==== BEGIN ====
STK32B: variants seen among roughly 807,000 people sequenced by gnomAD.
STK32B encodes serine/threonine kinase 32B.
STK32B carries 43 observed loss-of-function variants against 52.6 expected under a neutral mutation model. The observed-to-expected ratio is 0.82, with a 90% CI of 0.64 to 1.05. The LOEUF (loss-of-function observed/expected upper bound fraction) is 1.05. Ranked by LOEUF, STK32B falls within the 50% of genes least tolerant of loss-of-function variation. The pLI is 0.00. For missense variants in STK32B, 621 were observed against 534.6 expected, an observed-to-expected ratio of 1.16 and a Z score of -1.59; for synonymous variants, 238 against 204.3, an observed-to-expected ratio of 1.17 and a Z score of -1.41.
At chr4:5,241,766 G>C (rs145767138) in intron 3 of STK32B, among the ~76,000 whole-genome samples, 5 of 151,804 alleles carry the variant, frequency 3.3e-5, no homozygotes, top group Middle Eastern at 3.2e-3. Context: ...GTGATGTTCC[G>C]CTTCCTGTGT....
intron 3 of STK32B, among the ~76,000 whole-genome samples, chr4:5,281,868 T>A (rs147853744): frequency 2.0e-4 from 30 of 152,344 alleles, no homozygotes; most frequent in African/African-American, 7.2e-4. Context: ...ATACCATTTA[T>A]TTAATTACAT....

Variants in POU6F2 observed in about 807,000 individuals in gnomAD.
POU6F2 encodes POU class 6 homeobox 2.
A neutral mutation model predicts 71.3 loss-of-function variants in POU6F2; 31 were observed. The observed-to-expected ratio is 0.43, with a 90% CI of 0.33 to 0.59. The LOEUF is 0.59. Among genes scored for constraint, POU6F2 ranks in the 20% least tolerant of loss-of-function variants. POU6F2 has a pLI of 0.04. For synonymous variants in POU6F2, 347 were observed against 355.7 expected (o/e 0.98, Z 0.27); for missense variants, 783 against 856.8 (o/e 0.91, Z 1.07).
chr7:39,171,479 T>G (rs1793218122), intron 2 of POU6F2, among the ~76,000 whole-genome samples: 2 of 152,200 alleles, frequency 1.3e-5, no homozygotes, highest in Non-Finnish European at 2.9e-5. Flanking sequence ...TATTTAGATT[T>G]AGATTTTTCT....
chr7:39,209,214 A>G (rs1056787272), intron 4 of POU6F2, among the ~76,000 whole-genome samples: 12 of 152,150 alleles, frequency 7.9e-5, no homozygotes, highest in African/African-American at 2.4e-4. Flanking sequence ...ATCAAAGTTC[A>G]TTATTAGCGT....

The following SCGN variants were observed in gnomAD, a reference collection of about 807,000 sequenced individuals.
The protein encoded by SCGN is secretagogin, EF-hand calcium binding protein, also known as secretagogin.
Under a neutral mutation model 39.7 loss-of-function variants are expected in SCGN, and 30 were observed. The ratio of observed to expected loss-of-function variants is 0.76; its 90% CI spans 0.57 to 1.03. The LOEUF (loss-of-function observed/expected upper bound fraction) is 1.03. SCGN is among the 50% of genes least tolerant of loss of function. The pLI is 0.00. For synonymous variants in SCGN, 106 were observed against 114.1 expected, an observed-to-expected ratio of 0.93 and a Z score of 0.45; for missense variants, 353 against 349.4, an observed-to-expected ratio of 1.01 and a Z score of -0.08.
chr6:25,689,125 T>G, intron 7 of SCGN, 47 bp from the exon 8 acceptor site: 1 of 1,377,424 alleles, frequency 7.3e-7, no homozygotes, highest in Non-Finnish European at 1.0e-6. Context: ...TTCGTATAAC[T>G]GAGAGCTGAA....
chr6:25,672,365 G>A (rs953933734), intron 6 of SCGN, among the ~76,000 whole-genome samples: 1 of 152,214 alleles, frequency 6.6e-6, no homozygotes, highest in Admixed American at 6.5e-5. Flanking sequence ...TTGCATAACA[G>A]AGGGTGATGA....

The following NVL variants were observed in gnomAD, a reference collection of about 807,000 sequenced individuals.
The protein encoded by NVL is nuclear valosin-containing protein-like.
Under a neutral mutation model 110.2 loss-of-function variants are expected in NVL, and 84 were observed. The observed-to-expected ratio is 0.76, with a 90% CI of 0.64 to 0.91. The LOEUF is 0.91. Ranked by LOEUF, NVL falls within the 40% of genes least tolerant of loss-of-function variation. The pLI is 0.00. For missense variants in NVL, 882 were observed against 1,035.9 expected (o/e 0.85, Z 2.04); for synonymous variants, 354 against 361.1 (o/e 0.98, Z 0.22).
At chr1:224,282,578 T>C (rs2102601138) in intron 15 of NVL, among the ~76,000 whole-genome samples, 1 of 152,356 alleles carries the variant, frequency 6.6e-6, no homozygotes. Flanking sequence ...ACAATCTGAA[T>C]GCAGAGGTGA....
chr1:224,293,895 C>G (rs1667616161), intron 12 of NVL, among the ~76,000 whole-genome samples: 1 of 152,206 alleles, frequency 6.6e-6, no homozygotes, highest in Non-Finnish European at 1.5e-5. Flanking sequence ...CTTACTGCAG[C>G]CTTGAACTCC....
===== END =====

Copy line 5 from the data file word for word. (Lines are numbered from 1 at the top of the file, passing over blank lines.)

intron 3 of STK32B, among the ~76,000 whole-genome samples, chr4:5,281,868 T>A (rs147853744): frequency 2.0e-4 from 30 of 152,344 alleles, no homozygotes; most frequent in African/African-American, 7.2e-4. Context: ...ATACCATTTA[T>A]TTAATTACAT....